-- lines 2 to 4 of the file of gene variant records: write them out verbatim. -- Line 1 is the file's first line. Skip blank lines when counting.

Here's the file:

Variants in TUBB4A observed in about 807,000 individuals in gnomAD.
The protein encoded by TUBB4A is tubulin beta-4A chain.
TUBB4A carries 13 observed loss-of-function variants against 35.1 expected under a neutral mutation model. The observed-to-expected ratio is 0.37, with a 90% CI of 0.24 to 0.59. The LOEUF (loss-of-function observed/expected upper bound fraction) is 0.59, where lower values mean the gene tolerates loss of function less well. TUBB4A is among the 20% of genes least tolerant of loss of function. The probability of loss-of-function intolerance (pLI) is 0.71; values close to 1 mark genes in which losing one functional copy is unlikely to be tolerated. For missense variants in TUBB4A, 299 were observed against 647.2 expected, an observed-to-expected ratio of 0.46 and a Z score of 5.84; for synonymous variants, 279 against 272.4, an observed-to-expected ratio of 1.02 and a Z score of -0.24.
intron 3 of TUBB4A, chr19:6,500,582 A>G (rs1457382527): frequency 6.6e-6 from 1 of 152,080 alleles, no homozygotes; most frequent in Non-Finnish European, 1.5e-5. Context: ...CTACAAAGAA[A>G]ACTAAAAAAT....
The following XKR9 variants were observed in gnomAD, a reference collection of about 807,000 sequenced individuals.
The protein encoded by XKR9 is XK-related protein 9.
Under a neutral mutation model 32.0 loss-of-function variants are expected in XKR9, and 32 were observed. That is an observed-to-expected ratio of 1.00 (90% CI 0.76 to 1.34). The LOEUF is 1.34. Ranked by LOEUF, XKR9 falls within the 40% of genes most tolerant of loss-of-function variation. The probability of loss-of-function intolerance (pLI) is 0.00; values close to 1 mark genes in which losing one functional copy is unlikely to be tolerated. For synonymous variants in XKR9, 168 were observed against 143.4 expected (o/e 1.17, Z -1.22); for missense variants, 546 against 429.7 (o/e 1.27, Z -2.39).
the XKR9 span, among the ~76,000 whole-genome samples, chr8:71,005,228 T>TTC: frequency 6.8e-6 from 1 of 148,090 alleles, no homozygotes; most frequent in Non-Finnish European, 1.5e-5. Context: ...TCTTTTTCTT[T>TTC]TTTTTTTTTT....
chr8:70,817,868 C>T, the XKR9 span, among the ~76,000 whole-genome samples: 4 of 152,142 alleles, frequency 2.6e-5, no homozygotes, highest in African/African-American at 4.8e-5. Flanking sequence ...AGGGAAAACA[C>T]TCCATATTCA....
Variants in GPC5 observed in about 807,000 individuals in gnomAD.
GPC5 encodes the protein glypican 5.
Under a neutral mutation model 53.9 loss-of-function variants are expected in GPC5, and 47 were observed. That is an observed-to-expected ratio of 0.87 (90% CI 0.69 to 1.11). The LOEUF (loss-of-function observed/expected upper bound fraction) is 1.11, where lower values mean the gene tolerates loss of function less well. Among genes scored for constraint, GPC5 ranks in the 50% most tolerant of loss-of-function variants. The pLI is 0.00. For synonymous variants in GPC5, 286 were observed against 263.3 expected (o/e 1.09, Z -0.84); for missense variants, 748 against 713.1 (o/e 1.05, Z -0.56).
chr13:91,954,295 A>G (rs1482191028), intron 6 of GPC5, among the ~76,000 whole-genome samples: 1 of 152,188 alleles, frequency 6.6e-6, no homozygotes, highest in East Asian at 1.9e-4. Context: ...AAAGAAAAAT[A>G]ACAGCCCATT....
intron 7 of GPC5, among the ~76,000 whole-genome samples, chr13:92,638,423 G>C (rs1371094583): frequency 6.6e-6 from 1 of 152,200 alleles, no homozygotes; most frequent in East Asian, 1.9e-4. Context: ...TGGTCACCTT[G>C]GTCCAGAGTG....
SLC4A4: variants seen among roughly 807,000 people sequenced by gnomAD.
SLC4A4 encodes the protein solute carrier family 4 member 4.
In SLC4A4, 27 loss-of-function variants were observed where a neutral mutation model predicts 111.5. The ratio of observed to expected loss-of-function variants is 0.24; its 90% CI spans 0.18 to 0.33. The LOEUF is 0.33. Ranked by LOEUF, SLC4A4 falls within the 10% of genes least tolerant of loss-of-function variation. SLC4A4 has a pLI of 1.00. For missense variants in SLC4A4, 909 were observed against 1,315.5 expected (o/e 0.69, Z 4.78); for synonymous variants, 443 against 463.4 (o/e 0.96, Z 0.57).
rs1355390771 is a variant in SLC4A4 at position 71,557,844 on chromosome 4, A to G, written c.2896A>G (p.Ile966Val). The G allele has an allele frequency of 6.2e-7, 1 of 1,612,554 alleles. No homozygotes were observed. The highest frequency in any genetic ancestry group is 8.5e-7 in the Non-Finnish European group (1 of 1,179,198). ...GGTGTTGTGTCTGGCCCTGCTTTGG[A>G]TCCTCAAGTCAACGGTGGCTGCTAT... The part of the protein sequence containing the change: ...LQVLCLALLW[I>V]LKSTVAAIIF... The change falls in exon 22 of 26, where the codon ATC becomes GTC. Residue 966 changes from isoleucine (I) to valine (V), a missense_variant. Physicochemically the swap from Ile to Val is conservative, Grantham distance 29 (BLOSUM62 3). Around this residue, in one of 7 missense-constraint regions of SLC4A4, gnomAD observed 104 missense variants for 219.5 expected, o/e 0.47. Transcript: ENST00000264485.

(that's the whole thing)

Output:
The protein encoded by TUBB4A is tubulin beta-4A chain.
TUBB4A carries 13 observed loss-of-function variants against 35.1 expected under a neutral mutation model. The observed-to-expected ratio is 0.37, with a 90% CI of 0.24 to 0.59. The LOEUF (loss-of-function observed/expected upper bound fraction) is 0.59, where lower values mean the gene tolerates loss of function less well. TUBB4A is among the 20% of genes least tolerant of loss of function. The probability of loss-of-function intolerance (pLI) is 0.71; values close to 1 mark genes in which losing one functional copy is unlikely to be tolerated. For missense variants in TUBB4A, 299 were observed against 647.2 expected, an observed-to-expected ratio of 0.46 and a Z score of 5.84; for synonymous variants, 279 against 272.4, an observed-to-expected ratio of 1.02 and a Z score of -0.24.
intron 3 of TUBB4A, chr19:6,500,582 A>G (rs1457382527): frequency 6.6e-6 from 1 of 152,080 alleles, no homozygotes; most frequent in Non-Finnish European, 1.5e-5. Context: ...CTACAAAGAA[A>G]ACTAAAAAAT....